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Joe Biden hugs Hunter and Jill Biden after he was sworn in as president. Photo: Olivier Douliery/AFP via Getty Images

Hunter Biden hired a new attorney to assist with his federal criminal defense a month before his father became president. On Inauguration Day, one of that lawyer’s close colleagues was tapped to temporarily lead the Justice Department’s criminal division.

Why it matters: The moves put the new DOJ official atop a powerful arm of the justice system as his former colleague represents a client fending off a criminal probe. While their connection will fuel scrutiny of a politically charged matter, ethics experts say strictly adhering to conflict-of-interest rules can address any legitimate concerns.

What’s happening: In December, Hunter Biden hired former federal prosecutor Chris Clark, a partner at the firm Latham & Watkins. The president's younger son is said to be under investigation for possible tax and money laundering activities, with a potential counterintelligence component.

McQuaid, a former federal prosecutor, was tapped in January to serve as principal deputy assistant attorney general in the criminal division. Additionally, he was installed as the acting assistant attorney general to replace a Trump appointee, making McQuaid one of a handful of acting AAGs appointed on Biden’s first day in office.

  • The president has yet to announce a nominee to permanently fill the post.

It’s not clear whether or to what extent the main branch of the Justice Department is involved in the Hunter Biden investigation.

  • While the investigation is being run by the U.S. attorney’s office in Delaware, that doesn’t necessarily preclude involvement by Justice Department sections in Washington.
  • “It can really be quite ad hoc in the level of interactivity," said John A. Horn, a former U.S. attorney in Georgia. Any engagement is “very much dependent on the facts and circumstances of each case.”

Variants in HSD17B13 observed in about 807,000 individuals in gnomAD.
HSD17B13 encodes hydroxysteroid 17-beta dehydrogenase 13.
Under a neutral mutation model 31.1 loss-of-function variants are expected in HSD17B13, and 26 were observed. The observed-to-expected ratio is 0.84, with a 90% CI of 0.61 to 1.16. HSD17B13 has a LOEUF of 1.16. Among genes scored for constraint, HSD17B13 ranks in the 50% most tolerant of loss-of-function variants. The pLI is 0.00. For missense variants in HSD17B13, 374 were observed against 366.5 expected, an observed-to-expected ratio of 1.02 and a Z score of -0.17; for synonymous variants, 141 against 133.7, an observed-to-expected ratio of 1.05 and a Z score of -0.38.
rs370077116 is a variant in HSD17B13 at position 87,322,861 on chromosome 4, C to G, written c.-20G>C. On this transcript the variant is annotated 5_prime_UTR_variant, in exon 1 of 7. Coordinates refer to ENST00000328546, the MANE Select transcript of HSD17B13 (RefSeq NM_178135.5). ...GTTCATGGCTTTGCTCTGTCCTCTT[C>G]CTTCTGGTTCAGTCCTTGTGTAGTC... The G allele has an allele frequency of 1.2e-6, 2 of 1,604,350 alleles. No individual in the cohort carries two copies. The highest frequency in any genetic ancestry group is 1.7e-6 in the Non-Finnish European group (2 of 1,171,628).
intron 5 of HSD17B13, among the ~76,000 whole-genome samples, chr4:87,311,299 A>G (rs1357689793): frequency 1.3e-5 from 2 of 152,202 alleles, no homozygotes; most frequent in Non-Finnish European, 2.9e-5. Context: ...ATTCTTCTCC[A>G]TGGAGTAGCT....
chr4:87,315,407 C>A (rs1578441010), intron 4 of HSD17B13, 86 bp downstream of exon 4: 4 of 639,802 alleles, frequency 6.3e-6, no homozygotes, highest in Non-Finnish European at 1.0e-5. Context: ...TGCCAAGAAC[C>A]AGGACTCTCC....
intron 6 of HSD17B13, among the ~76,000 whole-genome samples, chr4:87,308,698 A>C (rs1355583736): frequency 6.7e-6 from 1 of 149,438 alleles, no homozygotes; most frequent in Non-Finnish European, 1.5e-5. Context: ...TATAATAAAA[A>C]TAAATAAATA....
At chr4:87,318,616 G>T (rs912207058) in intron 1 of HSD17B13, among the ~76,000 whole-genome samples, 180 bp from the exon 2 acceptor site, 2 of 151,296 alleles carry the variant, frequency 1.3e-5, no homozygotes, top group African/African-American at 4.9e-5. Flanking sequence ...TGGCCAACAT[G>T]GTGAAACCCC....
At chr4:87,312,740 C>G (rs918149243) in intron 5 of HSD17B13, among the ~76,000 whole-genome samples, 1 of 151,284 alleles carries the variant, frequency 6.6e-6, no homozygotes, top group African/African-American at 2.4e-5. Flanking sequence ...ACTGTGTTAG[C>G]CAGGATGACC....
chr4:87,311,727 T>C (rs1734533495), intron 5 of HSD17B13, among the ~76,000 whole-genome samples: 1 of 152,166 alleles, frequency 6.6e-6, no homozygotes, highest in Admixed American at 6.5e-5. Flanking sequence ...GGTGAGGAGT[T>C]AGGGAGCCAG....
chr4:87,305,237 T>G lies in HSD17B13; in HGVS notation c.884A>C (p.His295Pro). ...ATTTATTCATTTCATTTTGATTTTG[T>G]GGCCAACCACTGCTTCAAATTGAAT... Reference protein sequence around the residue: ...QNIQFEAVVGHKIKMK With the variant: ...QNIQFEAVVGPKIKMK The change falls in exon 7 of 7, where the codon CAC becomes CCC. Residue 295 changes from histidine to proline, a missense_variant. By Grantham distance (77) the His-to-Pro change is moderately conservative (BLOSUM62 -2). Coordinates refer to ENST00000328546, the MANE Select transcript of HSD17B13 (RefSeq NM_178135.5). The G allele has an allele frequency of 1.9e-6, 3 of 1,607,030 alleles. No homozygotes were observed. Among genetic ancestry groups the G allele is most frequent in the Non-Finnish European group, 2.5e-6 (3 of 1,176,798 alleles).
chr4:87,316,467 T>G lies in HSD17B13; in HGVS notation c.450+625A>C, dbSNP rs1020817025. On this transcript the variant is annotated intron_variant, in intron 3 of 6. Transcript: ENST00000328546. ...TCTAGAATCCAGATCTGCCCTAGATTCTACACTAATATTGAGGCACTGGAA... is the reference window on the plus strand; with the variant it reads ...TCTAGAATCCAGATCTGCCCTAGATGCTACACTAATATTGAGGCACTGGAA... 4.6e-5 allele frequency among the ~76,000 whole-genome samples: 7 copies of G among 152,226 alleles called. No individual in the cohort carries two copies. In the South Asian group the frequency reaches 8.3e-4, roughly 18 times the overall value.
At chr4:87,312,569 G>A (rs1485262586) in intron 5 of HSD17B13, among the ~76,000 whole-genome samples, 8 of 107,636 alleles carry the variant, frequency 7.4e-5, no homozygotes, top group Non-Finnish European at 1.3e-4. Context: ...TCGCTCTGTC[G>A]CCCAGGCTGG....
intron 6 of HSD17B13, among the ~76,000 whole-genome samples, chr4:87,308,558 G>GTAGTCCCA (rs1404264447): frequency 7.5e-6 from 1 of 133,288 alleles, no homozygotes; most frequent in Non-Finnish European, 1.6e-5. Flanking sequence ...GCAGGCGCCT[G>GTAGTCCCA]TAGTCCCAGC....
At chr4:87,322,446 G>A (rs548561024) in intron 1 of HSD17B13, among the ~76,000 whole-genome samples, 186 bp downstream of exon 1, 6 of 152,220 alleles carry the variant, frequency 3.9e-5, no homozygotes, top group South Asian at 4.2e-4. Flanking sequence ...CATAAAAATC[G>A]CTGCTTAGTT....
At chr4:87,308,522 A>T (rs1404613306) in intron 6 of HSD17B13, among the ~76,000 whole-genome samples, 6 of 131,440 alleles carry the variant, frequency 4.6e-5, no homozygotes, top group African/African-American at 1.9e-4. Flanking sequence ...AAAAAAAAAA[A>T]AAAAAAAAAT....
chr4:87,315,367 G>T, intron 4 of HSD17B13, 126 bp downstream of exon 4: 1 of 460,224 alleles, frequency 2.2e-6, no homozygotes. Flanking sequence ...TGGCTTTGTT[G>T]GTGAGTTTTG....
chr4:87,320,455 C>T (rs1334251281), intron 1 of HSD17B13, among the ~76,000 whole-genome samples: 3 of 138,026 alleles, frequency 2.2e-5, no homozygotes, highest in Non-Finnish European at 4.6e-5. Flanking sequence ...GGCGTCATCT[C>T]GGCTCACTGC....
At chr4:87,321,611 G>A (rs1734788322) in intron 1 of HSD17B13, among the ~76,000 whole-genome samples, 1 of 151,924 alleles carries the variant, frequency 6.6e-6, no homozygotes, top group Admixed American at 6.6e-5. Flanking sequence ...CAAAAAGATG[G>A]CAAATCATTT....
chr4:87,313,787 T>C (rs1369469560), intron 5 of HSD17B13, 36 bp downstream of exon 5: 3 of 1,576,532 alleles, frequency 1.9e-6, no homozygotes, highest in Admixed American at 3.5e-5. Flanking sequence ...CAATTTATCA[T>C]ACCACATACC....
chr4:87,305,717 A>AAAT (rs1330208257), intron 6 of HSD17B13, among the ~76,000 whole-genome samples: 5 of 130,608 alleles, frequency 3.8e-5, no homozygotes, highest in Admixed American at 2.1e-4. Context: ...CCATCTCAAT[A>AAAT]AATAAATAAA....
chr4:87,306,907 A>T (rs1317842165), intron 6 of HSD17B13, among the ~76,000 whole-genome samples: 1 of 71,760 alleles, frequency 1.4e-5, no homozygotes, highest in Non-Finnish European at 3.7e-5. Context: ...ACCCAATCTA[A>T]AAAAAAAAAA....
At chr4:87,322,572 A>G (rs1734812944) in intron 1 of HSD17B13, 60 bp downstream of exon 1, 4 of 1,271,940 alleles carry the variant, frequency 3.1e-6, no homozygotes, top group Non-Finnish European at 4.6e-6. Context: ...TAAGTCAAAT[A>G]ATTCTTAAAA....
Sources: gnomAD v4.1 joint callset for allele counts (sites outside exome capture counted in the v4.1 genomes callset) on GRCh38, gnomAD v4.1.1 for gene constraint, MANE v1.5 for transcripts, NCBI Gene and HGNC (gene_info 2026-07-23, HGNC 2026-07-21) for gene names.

Between the lines: Federal ethics laws and DOJ regulations would bar McQuaid from working on matters relating to the Biden investigation without a sign-off from Justice ethics officials.

  • DOJ guidelines, as well as an ethics pledge imposed by President Biden within days of taking office, bar federal officials from participating in matters involving former employers unless they receive a waiver of relevant laws and regulations.
  • “Potential conflicts between lawyers entering government and their former clients or firms are quite common,” said Kedric Payne, the senior director for ethics at the Campaign Legal Center.
  • “This situation is one of the many initial tests of Biden's ethics pledge, which looks great on paper, but time will tell if it is effective in practice,” he added. “Enforcement is essential.”

The bottom line: “While not speaking to any particular matter,” a DOJ spokesperson told Axios, “all department employees are governed by the department’s ethics rules, including rules concerning recusal.”

Editor’s Note: This story has been updated to include that National Law Journal first reported McQuaid’s hiring.

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Tech's war for your wrist

Illustration: Sarah Grillo/Axios

Tech's biggest companies are ramping up competition for the real estate between your hand and your elbow.

The big picture: The next big hardware platform after the smartphone will likely involve devices for your eyes, your ears and your wrists.

1 hour ago - World

Tokyo Olympics to allow up to 10,000 fans at each event

Tokyo 2020 president Seiko Hashimoto (L) and IOC President Thomas Bach on Monday. Photo: Rodrigo Reyes Marin/POOL/AFP via Getty Images

Organizers of the Tokyo Olympics said Monday that venues can be filled up to 50% capacity when the Games kick off on July 23, with a maximum of 10,000 Japanese spectators at each event, AP reports.

Why it matters: Medical experts advising the Japanese government had recommended against allowing fans, citing the low vaccination rates in Japan and the potential for new variants to drive up infections.

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The psychology behind COVID-19 vaccine lotteries

Illustration: Aïda Amer/Axios

NBA season tickets. Scholarships. A chance at $5 million. The list of lotteries and raffles states are launching to drive up COVID-19 vaccination rates is growing, and some local officials are already reporting "encouraging" results.

Driving the news: The reason why, some psychologists and public health experts say, is that the allure of lotteries for many people is simply that the prospect of winning a great prize seems better than passing up the chance, regardless of the odds.